Strong Medicine: Creating Incentives for Pharmaceutical Research on Neglected Diseases

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Princeton University Press, 2004 - 153 pagine

"The public health of the developing world is the single issue of greatest significance for humanity over the next half century. This important book offers thoughtful analysis and practical ideas for confronting and addressing this issue through research and development of lifesaving vaccines."--Lawrence H. Summers, President, Harvard University

"Michael Kremer and Rachel Glennerster have produced a work of outstanding importance to the well-being of developing countries. "There are five billion people in the poor world, many suffering from debilitating or fatal diseases. The potential gains in overcoming this human suffering from the development of effective and cost-efficient vaccines are enormous. Yet the economic purchasing power of the rich world favors the development of vaccines and drugs for the rich world. Strong Medicine presents workable incentives for research and development to respond more powerfully to the human needs of poor people. Kremer and Glennerster have produced results that deserve the attention of all those who work in development and that chart a way forward for one of the greatest issues of our time."--Nicholas Stern, Second Permanent Secretary at HM Treasury in the United Kingdom, Visiting Professor at the London School of Economics, and former Chief Economist of the World Bank

"Strong Medicine is full of insights that can make a real difference to the morbid world in which we live. It combines powerful analytical reasoning with practical insights and empirical knowledge to explore a highly promising way of expanding incentives for medicinal research. The possibility of making a significant difference through a commitment to purchase effective vaccines as and when they are developed is thoroughly scrutinized in this definitive investigation, for which we have reason to be grateful."--Amartya Sen, Harvard University, Nobel Laureate in Economic Sciences

"This important book, on how to design markets for drugs to treat millions of diseased people in the developing world, has the added advantage of being an interesting read. The authors convey very well the intellectual excitement associated today with putting mechanism design into practice. They take the reader, one step at a time, through the various levels at which problems might arise and then show how the design is meant to take care of these problems."--Abhijit Banerjee, Massachusetts Institute of Technology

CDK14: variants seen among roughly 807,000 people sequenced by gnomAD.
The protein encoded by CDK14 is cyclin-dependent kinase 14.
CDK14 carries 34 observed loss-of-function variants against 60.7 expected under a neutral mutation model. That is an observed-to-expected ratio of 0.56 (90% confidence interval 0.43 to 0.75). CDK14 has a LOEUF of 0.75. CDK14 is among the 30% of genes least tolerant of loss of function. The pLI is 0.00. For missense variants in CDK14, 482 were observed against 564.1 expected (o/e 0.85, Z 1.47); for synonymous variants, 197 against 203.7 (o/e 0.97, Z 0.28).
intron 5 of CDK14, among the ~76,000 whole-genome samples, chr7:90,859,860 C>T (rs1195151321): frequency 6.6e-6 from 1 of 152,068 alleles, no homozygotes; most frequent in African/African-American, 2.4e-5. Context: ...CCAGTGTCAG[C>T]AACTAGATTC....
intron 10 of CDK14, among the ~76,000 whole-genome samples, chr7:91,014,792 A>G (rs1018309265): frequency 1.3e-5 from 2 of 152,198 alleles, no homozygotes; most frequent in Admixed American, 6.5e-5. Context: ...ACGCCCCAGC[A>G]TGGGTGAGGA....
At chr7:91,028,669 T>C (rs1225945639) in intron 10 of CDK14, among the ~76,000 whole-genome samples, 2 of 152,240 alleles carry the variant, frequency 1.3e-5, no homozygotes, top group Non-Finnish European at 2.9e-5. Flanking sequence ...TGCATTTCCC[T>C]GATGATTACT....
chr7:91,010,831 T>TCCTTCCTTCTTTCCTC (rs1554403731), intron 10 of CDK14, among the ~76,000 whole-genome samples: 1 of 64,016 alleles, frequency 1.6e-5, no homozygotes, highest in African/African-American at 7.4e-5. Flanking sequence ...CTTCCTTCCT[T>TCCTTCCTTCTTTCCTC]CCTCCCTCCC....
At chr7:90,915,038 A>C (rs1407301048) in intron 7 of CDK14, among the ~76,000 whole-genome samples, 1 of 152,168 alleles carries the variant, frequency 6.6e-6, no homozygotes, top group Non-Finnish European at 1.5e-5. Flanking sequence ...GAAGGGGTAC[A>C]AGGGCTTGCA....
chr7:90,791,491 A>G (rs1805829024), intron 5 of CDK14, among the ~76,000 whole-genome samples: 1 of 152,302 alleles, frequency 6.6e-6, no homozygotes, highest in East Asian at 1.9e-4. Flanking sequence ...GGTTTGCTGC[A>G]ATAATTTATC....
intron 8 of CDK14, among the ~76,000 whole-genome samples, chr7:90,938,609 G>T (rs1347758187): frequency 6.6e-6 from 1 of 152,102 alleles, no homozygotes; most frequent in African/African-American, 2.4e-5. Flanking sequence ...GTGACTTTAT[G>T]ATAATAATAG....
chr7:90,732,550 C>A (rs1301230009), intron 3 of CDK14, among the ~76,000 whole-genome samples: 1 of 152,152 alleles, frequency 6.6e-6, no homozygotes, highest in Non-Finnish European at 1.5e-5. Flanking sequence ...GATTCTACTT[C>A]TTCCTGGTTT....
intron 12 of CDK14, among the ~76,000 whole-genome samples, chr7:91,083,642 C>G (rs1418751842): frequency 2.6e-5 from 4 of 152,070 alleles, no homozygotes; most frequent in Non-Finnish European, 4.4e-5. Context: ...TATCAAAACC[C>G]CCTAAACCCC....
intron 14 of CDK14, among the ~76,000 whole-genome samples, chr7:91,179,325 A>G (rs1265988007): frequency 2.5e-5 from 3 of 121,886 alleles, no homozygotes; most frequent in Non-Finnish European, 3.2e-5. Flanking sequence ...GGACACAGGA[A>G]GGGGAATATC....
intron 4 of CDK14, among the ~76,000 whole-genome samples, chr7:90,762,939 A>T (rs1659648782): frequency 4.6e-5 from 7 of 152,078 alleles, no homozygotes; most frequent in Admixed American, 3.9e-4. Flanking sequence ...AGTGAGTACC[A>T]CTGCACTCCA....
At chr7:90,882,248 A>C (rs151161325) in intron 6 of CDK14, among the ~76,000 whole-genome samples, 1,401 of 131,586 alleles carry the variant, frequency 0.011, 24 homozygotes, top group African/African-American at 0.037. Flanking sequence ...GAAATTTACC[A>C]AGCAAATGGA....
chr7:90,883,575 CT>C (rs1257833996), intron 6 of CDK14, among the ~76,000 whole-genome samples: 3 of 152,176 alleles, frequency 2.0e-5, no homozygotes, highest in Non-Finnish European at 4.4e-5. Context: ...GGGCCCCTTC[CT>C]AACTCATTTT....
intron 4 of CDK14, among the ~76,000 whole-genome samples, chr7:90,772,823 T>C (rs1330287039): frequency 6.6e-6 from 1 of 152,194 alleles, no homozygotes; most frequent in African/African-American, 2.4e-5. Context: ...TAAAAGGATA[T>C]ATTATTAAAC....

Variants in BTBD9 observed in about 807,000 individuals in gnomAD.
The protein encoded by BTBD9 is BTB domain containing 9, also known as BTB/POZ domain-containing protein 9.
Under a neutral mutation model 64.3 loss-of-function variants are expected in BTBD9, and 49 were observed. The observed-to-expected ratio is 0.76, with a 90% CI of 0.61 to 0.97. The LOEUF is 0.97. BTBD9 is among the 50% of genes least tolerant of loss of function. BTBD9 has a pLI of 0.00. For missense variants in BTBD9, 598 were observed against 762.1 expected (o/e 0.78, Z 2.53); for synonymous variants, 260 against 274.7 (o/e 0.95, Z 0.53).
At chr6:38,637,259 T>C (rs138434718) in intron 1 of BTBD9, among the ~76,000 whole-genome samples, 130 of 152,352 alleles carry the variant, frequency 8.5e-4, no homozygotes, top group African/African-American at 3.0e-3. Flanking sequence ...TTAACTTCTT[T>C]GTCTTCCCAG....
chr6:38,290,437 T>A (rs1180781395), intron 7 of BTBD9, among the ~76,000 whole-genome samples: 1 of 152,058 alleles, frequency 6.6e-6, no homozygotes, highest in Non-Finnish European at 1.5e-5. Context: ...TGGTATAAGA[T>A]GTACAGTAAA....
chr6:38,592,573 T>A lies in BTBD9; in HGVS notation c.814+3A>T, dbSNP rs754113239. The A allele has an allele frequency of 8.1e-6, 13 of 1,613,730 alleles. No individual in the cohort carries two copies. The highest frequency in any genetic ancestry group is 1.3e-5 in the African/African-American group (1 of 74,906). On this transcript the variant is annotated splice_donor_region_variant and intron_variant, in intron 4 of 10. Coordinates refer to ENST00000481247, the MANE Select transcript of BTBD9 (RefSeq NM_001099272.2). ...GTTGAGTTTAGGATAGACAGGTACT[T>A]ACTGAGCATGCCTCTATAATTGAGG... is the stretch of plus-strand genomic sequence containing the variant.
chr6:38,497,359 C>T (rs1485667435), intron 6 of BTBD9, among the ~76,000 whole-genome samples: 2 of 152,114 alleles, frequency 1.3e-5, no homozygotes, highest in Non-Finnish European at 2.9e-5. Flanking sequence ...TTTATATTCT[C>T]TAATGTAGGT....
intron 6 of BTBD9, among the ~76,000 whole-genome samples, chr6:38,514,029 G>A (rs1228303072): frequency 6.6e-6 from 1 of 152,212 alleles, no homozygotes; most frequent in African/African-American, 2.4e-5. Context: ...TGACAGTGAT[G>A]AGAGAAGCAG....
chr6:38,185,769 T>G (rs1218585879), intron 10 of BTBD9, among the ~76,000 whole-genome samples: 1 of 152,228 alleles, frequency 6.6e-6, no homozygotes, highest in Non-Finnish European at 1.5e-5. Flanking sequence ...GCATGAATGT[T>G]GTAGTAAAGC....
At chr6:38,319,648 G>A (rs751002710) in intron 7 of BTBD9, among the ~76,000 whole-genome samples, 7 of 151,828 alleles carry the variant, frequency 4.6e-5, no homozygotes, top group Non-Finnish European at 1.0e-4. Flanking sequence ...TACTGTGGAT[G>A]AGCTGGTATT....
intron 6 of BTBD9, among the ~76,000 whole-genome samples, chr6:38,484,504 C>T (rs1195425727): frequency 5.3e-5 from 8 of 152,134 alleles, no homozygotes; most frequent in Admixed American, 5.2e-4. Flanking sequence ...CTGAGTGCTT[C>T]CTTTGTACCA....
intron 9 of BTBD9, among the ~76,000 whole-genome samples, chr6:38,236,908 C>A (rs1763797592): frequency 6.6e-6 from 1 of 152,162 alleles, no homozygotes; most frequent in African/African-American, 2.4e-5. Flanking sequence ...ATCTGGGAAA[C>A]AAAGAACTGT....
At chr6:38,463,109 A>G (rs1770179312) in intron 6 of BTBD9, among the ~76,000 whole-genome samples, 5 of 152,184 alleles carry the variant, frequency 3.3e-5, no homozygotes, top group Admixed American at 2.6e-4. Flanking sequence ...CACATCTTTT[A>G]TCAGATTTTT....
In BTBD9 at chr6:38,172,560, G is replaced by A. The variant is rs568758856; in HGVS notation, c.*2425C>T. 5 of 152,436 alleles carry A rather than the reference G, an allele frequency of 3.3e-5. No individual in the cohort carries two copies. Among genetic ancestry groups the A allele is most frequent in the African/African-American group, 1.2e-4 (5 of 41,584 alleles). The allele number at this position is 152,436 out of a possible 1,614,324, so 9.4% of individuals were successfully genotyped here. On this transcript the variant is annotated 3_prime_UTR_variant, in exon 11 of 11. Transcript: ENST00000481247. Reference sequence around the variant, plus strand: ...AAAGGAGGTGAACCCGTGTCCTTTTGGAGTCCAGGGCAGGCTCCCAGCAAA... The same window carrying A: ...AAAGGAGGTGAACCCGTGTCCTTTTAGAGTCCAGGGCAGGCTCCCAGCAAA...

"Michael Kremer is likely the most thoughtful advocate of an exciting new approach for tackling the scourges of AIDS, malaria, and other diseases that primarily afflict the populations of less developed countries. In this book, he and Rachel Glennerster offer by far the most complete discussion I have seen of why this approach--one that would see authorities stimulate private efforts to develop medical treatment by providing a guaranteed market for them--should be adopted, and of how to deal with problems of implementation and design."--Kenneth Sokoloff, University of California, Los Angeles

 

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Sommario

INTRODUCTION
1
HEALTH IN LOWINCOME COUNTRIES
6
Weak HealthCare Infrastructure
7
Malaria Tuberculosis HIVAIDS
11
The Impact of Cheap Simple Technologies
20
THE PAUCITY OF PRIVATE RD TARGETED TO THE NEEDS OF LOWINCOME COUNTRIES
25
The Scientific Potential for New Vaccines
27
MARKET AND GOVERNMENT FAILURES
29
BestEntry Tournaments
72
Expanding the Market for Existing Vaccines and Drugs
73
DETERMINING ELIGIBILITY
76
Independent Adjudication Committee
78
MarketTest Requirement
81
Exit Clauses
84
HOW MUCH SHOULD WE PROMISE TO PAY FOR A VACCINE?
86
What Is a Vaccine Worth?
90

Why Target Foreign Assistance to Vaccine RD?
30
The Patent Tradeoff
33
LowIncome Countries and Intellectual Property
36
Some Quantitative Estimates
40
The Role of Public Purchases
42
THE ROLE OF PUSH PROGRAMS
45
An Example of a Successful Push Program
46
The USAID Malaria Vaccine Program
47
Incentives under Push Programs
49
THE POTENTIAL ROLE OF PULL PROGRAMS
55
The Impact of Financial Incentive Programs
56
Examples of Pull Programs Stimulating Research
59
Advantages and Limitations of Pull Programs
63
PULL PROGRAMS A MENU
68
Patent Extensions on Other Pharmaceuticals as Compensation for Vaccine Development
70
HOW SHOULD PAYMENT BE STRUCTURED?
97
Paying for Multiple Vaccines and Market Exclusivity
100
Bonus Payments Based on Product Quality
103
Increasing the Promised Price over Time
105
Avoiding Windfalls
106
Industry Consultations
107
SCOPE OF THE COMMITMENT
109
Incentives for Agricultural RD
112
MOVING FORWARD WITH VACCINE COMMITMENTS
115
Making a Commitment Legally Binding
116
The Politics of Creating Markets for Vaccines and Drugs
118
Potential Sponsors of New Markets for Vaccines and Drugs
119
References
127
Index
145
Copyright

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Informazioni sull'autore (2004)

Michael Kremer, the winner of the 2019 Nobel Prize in Economics, is the Gates Professor of Developing Societies at Harvard University. He is a recipient of a MacArthur Fellowship and was named a Young Global Leader by the World Economic Forum. Rachel Glennerster is chief economist at the UK's Department for International Development. She is on leave as executive director of the Jameel Poverty Action Lab at the Massachusetts Institute of Technology.

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